our bonds grew stronger.  through her affiliation with the minority-led ad agency Uniworld Cecilia gave generously to jazz organizations including one with which i was honored to be appointed as their outreach journalist: the Consortium of Jazz Organizations & Artists.  headed by MariJo Johnson, an important record company executive, CJOA brought together fledgling not-for-profits & we gave them the attendant public attention they deserved.  we had an insert in a short-lived magazine called simply Jazz which grew from four to twelve pages as CJOA went international.  there were even live recounts of important concerts sponsored by local N-F-P’s such as Cobi Narita’s broadcast over WBGO, our own fledgling NPR outlet.  the reporter with the Brooklyn accent was you-know-whose.

In addition to the 14+ –it varied– piece Loud Minority Fos’s other bands included 12 Shades of Black & a smaller group called Living Color which played more blues & esoterica as only Uncle Frank could compose.  they were much looser, funkier & more adventuresome than the Minority & included electric & electronic instrumentation.

our tour paths crossed in Finland in 1978.  Fos was at the top of his game at the top of the world.   we were invited to what would be a dacha in Russia by the tour’s sponsor.  (Finnish vodka is every bit as fine as the Russian, i found out.)  one thing led to another and some of us entered the sauna.  the tradition is to run out of the hot into the cool, a local lake where there was still some snow around the edges.  vodka courage prevailed and off  i went, Charli Persip since dubbing me the Pori streaker, or something.  (i was in better shape then.)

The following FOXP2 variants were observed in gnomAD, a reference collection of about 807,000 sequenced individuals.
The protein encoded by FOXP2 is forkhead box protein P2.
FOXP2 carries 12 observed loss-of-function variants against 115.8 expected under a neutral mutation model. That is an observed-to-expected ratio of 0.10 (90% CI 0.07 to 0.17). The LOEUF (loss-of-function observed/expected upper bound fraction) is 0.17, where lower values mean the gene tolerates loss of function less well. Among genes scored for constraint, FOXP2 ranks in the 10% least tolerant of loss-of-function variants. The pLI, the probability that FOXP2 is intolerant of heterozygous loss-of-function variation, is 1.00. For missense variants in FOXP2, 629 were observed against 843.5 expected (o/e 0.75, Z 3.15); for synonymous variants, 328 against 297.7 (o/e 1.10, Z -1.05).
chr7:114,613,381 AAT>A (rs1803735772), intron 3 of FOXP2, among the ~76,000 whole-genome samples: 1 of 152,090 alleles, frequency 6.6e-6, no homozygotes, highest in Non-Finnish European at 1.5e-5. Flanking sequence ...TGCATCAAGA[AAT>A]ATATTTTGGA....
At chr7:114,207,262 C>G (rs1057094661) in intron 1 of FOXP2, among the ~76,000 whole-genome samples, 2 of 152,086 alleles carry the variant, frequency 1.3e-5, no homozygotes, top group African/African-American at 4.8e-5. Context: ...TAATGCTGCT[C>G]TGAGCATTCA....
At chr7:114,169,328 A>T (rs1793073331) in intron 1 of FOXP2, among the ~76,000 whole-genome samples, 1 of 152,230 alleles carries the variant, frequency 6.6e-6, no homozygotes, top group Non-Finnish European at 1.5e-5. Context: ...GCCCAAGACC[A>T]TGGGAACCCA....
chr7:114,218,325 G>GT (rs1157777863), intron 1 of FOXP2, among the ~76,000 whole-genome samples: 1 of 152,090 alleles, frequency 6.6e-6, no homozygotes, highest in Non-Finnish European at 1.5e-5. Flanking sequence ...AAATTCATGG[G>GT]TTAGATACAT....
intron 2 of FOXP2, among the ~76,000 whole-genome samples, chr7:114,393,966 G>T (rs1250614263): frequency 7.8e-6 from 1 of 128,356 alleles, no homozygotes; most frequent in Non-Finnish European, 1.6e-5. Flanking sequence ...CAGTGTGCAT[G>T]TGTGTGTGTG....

on the bus back to the hotel Uncle Frank & i were in the front conversinrg with the driver when Fos looked up grabbed my wrist & asked, “no peaking; what time is it?”  i looked out, saw the sun & replied i guess abut 10 a.m.”  (remember the vodka.)   he removed his hand; it was 4 a.m.  we were, after all, in the land of the midnight sun.

when the Minority went to the Winter Olympics in Lake Placid under the auspices of Jazzmobile executive director S. David Bailey asked me to debrief Fos & other members of the band for an aural history project.  what a joy that was!  they asked for an encore when the band returned from a China tour.  both reports remain in the Jazzmobile archives.  Fos composed a suite comprised of Olympic moments including the very soulful section honoring the first Jamaican(!) toboggan team.  The Lake Placid Suite was performed in its entirety only once at a Collective Black Artists concert at Town Hall, NYC although parts remain in the Loud Minority’s book.

Daughter Jardis said that her father “explained things you didn’t even know needed explanation.”  Abyssinian Rev. Calvin O. Butts remembered how he became the greatest son ever when Frank Foster’s Loud Minority played his parents 50th wedding anniversary, for free.  he also noted that while so may speakers of a certain age were using pieces of paper as crib sheets Jardis was using her ipad.  plus ca la change?

- © arnold jay smith

December 2011